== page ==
26 April 2016
Earlier this year we outlined in our blog how to understand your power bill as well as change provider to help you pay less for your electricity. Today we’re bringing you a raft of practical energy and money saving tips so simple to implement, you’ll wonder why you never thought of them yourself!
To make things fun, pull out your most recent electricity bill and find your average daily consumption. Then look at the table above to see whether you’re using more or less electricity compared with similar households in Victoria. Here’s an interesting online calculator from SwitchOn that provides an even more accurate comparison.
For our family of five we’ve learned that our daily electricity consumption is 25% higher than average households, according to the SwitchOn calculator. Gulp!
Armed with the knowledge that we use more power than most, we returned to our trusted energy expert, Lois Schmidt, sustainability advisor at SuniTAFE, to draw upon her knowledge of practical day-to-day energy saving advice.
- Turn down your heating’s thermostat by 1-2 degrees
In winter, heating can account for over 30% of your bill, so anything you can do to reduce this will soften the blow when the mid-year bill arrives.
Did you know that every degree above 20 degrees can add 10% to your winter heating bill?
“Why do we heat our homes to 28 degrees in winter and cool them to 20 degrees in summer?” asks Lois. Set your thermostat to 18-20 degrees in winter and 26 degrees and above in summer to save money.”
See also 8 low-cost ways to keep your home warm this winter on the Wood & Co blog.
- Charge mobile devices at off-peak times while you’re sleeping
While everybody knows that appliances and white goods with a higher star-rating use less energy, there are other things you can do to save money that won’t cost you a cent.
“We tend to charge our mobile phones, iPads and laptops every day don’t we? We often do it as soon as we get home from work. Have you ever stopped to think that if you charge these devices while you’re sleeping at night (after 11pm) you’ll pay off-peak rates instead of peak. Multiply this by 365 days a year and the savings add up” says Lois.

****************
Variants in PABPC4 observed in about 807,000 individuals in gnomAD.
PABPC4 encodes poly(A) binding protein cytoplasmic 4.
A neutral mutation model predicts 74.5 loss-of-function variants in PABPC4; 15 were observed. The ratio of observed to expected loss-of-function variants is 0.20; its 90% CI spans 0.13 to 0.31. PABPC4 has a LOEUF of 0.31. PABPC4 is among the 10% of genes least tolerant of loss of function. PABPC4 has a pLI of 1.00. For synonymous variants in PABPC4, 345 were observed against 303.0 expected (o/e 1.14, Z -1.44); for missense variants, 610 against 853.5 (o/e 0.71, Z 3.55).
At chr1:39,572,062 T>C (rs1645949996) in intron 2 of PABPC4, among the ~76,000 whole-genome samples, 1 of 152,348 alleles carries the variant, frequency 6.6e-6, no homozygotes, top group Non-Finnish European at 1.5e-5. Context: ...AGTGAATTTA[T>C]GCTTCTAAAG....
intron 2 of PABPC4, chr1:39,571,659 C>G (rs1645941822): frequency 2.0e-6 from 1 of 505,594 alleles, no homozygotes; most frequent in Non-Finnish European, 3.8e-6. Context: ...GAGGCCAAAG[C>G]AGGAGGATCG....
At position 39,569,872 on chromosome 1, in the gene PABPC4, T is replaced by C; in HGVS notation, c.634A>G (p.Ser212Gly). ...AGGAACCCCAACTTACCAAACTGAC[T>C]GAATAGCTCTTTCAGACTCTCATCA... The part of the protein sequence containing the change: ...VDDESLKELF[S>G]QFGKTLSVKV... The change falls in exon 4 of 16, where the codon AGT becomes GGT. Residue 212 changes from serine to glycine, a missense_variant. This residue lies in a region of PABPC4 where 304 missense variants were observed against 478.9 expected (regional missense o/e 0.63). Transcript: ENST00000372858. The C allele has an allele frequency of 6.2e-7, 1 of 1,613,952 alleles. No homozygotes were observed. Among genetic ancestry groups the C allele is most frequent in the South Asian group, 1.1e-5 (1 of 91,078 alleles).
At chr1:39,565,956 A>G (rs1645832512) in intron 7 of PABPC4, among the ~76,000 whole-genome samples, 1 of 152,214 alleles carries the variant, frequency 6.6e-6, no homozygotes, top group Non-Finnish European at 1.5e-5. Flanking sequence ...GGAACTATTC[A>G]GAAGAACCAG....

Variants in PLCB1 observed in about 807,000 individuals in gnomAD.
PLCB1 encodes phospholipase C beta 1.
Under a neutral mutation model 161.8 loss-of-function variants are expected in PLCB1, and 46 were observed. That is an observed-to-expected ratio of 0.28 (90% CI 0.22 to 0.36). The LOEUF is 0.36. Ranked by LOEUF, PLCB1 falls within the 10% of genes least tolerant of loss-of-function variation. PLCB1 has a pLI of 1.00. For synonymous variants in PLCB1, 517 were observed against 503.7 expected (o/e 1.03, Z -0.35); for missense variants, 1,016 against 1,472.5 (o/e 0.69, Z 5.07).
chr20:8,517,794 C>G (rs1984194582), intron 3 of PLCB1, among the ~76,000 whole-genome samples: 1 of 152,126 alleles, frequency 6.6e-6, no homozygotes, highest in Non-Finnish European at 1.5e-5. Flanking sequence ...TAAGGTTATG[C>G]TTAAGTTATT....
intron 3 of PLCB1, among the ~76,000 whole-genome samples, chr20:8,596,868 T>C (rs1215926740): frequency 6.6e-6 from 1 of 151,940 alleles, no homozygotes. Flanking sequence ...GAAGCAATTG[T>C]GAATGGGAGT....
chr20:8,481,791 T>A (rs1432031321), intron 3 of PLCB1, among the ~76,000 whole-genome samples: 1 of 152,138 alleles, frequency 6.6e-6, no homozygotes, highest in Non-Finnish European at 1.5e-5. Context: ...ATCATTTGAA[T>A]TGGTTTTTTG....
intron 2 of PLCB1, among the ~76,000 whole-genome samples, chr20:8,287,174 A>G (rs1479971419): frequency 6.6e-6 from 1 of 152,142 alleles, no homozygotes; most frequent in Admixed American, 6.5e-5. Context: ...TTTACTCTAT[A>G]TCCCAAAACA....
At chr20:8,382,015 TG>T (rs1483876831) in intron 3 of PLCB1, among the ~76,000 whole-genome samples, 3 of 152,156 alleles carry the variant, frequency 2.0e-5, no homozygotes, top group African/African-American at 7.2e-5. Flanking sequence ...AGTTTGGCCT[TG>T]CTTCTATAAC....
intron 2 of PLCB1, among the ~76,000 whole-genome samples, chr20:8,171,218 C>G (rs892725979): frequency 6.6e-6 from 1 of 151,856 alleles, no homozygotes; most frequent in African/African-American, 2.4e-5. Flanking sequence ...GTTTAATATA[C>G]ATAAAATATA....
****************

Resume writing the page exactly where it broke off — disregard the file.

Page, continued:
- Unplug mobile phone chargers from wall when not in use
“Pull that charger out of the wall when you’re not using it – it’s still using standby power even when there isn’t a device attached!” adds Lois.
- If it’s on standby, switch it off at the wall
The average Victorian household has over 60 plug in appliances, according to Sustainability Victoria, and that number is predicted to rise.
TVs, VCRs, DVD players, set top boxes, games consoles, computers and monitors, home theatre systems, printers and scanners all go into stand-by mode when not in use but continue to use electricity while the stand-by light remains on. You can go even further and turn off your wifi modem at night and even the digital clock on your oven and microwave if you’re committed to further reducing your power bill!
- If you won’t unplug your second fridge, keep it full
Do you have a second fridge in the garage? If so, it’s probably an old, energy-inefficient clunker but did you know that a full fridge uses less electricity than a half-empty or empty fridge? So if you can’t live without your second fridge, at least try to keep it full!
- Wash clothes in cold water at off-peak times
Did we mention you can save up to $115 a year by washing your clothes in cold water?
You’ll save even more if you’re prepared to do your washing at off-peak times (before 7am or after 11pm weekdays or anytime on the weekend).
Bonus tip: Switch to LED globes from halogen lighting
Lighting contributes to a significant part of your power bill. If you’re still using halogen globes then you might as well write a blank cheque to your power company! Read our Save hundreds of dollars by changing to energy efficient lighting blog post and reduce your lighting costs by 80% when you switch to LED globes. You’ll pay a bit upfront to switch to the costlier LED globes but you’ll win in the long run with lower bills. If money’s tight, begin by just changing over the globes in the room you spend the most time in.
Want to save even more money? Here are 10 ways to save energy from switchon.gov.au.
Households can save up to $600-$800 on electricity by switching from the worst to the best offer according to research from St Vincent de Paul.
With power bills set to skyrocket the moment we switch our heaters on for autumn and winter, now’s the perfect time to get on to Government-approved comparison sites to find the best deal.
Victorian residents should jump on to SwitchOn and if you live in New South Wales go to EnergyMadeEasy.